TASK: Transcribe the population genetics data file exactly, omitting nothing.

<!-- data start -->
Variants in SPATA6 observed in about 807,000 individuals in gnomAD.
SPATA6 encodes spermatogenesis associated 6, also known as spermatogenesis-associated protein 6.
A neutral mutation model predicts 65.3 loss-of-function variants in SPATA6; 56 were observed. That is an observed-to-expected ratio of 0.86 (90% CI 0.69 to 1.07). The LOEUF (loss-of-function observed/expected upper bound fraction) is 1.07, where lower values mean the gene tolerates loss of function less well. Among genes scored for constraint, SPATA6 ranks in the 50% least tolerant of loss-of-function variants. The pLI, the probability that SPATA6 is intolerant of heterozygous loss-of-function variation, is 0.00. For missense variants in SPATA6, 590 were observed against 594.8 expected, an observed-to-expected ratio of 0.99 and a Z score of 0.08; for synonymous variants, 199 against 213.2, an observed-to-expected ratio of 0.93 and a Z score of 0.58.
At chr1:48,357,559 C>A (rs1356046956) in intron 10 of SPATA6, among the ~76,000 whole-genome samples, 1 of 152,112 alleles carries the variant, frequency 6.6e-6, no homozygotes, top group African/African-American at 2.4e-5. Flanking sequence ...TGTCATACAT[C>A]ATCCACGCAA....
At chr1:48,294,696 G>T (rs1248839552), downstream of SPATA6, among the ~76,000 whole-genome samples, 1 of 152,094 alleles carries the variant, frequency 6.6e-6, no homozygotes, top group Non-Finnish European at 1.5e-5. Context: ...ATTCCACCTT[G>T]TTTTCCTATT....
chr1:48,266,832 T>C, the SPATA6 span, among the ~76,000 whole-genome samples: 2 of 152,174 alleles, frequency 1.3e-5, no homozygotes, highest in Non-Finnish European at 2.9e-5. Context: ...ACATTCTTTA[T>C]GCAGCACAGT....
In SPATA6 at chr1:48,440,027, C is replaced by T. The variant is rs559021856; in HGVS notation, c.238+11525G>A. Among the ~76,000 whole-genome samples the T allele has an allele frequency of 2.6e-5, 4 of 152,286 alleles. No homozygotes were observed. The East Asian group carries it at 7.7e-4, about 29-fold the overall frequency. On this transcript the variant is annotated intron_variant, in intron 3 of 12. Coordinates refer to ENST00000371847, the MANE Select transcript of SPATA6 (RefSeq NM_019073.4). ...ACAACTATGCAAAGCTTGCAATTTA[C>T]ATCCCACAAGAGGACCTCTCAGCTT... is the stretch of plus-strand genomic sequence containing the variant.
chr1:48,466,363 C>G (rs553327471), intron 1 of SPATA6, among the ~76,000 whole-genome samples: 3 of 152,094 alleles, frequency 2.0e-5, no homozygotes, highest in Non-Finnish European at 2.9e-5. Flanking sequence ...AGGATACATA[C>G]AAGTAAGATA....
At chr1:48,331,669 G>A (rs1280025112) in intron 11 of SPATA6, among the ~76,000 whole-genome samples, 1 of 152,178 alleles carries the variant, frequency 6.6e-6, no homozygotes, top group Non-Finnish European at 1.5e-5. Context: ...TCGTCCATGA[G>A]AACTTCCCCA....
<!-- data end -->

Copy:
Variants in SPATA6 observed in about 807,000 individuals in gnomAD.
SPATA6 encodes spermatogenesis associated 6, also known as spermatogenesis-associated protein 6.
A neutral mutation model predicts 65.3 loss-of-function variants in SPATA6; 56 were observed. That is an observed-to-expected ratio of 0.86 (90% CI 0.69 to 1.07). The LOEUF (loss-of-function observed/expected upper bound fraction) is 1.07, where lower values mean the gene tolerates loss of function less well. Among genes scored for constraint, SPATA6 ranks in the 50% least tolerant of loss-of-function variants. The pLI, the probability that SPATA6 is intolerant of heterozygous loss-of-function variation, is 0.00. For missense variants in SPATA6, 590 were observed against 594.8 expected, an observed-to-expected ratio of 0.99 and a Z score of 0.08; for synonymous variants, 199 against 213.2, an observed-to-expected ratio of 0.93 and a Z score of 0.58.
At chr1:48,357,559 C>A (rs1356046956) in intron 10 of SPATA6, among the ~76,000 whole-genome samples, 1 of 152,112 alleles carries the variant, frequency 6.6e-6, no homozygotes, top group African/African-American at 2.4e-5. Flanking sequence ...TGTCATACAT[C>A]ATCCACGCAA....
At chr1:48,294,696 G>T (rs1248839552), downstream of SPATA6, among the ~76,000 whole-genome samples, 1 of 152,094 alleles carries the variant, frequency 6.6e-6, no homozygotes, top group Non-Finnish European at 1.5e-5. Context: ...ATTCCACCTT[G>T]TTTTCCTATT....
chr1:48,266,832 T>C, the SPATA6 span, among the ~76,000 whole-genome samples: 2 of 152,174 alleles, frequency 1.3e-5, no homozygotes, highest in Non-Finnish European at 2.9e-5. Context: ...ACATTCTTTA[T>C]GCAGCACAGT....
In SPATA6 at chr1:48,440,027, C is replaced by T. The variant is rs559021856; in HGVS notation, c.238+11525G>A. Among the ~76,000 whole-genome samples the T allele has an allele frequency of 2.6e-5, 4 of 152,286 alleles. No homozygotes were observed. The East Asian group carries it at 7.7e-4, about 29-fold the overall frequency. On this transcript the variant is annotated intron_variant, in intron 3 of 12. Coordinates refer to ENST00000371847, the MANE Select transcript of SPATA6 (RefSeq NM_019073.4). ...ACAACTATGCAAAGCTTGCAATTTA[C>T]ATCCCACAAGAGGACCTCTCAGCTT... is the stretch of plus-strand genomic sequence containing the variant.
chr1:48,466,363 C>G (rs553327471), intron 1 of SPATA6, among the ~76,000 whole-genome samples: 3 of 152,094 alleles, frequency 2.0e-5, no homozygotes, highest in Non-Finnish European at 2.9e-5. Flanking sequence ...AGGATACATA[C>G]AAGTAAGATA....
At chr1:48,331,669 G>A (rs1280025112) in intron 11 of SPATA6, among the ~76,000 whole-genome samples, 1 of 152,178 alleles carries the variant, frequency 6.6e-6, no homozygotes, top group Non-Finnish European at 1.5e-5. Context: ...TCGTCCATGA[G>A]AACTTCCCCA....